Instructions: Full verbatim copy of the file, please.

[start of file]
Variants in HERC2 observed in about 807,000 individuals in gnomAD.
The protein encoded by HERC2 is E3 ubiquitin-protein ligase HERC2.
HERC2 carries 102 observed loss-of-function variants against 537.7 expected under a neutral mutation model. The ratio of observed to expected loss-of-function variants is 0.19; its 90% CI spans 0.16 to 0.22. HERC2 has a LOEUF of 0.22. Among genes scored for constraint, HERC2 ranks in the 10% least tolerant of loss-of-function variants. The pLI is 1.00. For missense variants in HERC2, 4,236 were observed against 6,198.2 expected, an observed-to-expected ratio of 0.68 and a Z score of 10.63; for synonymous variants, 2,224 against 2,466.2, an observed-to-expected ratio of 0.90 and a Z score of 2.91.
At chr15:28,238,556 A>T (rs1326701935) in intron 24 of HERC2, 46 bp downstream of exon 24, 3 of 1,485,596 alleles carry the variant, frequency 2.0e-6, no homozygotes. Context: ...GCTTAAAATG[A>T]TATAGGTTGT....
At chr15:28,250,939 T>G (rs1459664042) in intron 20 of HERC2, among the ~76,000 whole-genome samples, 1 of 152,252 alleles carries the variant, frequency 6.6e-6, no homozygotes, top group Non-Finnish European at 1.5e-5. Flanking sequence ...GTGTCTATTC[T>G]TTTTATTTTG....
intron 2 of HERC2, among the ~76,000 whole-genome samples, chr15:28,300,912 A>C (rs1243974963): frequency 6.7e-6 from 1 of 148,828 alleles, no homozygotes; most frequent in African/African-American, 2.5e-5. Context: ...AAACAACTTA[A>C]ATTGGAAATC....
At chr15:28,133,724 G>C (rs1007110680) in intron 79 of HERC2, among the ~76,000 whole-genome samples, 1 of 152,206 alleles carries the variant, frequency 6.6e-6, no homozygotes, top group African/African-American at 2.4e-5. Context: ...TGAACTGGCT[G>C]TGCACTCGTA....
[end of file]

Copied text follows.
Variants in HERC2 observed in about 807,000 individuals in gnomAD.
The protein encoded by HERC2 is E3 ubiquitin-protein ligase HERC2.
HERC2 carries 102 observed loss-of-function variants against 537.7 expected under a neutral mutation model. The ratio of observed to expected loss-of-function variants is 0.19; its 90% CI spans 0.16 to 0.22. HERC2 has a LOEUF of 0.22. Among genes scored for constraint, HERC2 ranks in the 10% least tolerant of loss-of-function variants. The pLI is 1.00. For missense variants in HERC2, 4,236 were observed against 6,198.2 expected, an observed-to-expected ratio of 0.68 and a Z score of 10.63; for synonymous variants, 2,224 against 2,466.2, an observed-to-expected ratio of 0.90 and a Z score of 2.91.
At chr15:28,238,556 A>T (rs1326701935) in intron 24 of HERC2, 46 bp downstream of exon 24, 3 of 1,485,596 alleles carry the variant, frequency 2.0e-6, no homozygotes. Context: ...GCTTAAAATG[A>T]TATAGGTTGT....
At chr15:28,250,939 T>G (rs1459664042) in intron 20 of HERC2, among the ~76,000 whole-genome samples, 1 of 152,252 alleles carries the variant, frequency 6.6e-6, no homozygotes, top group Non-Finnish European at 1.5e-5. Flanking sequence ...GTGTCTATTC[T>G]TTTTATTTTG....
intron 2 of HERC2, among the ~76,000 whole-genome samples, chr15:28,300,912 A>C (rs1243974963): frequency 6.7e-6 from 1 of 148,828 alleles, no homozygotes; most frequent in African/African-American, 2.5e-5. Context: ...AAACAACTTA[A>C]ATTGGAAATC....
At chr15:28,133,724 G>C (rs1007110680) in intron 79 of HERC2, among the ~76,000 whole-genome samples, 1 of 152,206 alleles carries the variant, frequency 6.6e-6, no homozygotes, top group African/African-American at 2.4e-5. Context: ...TGAACTGGCT[G>C]TGCACTCGTA....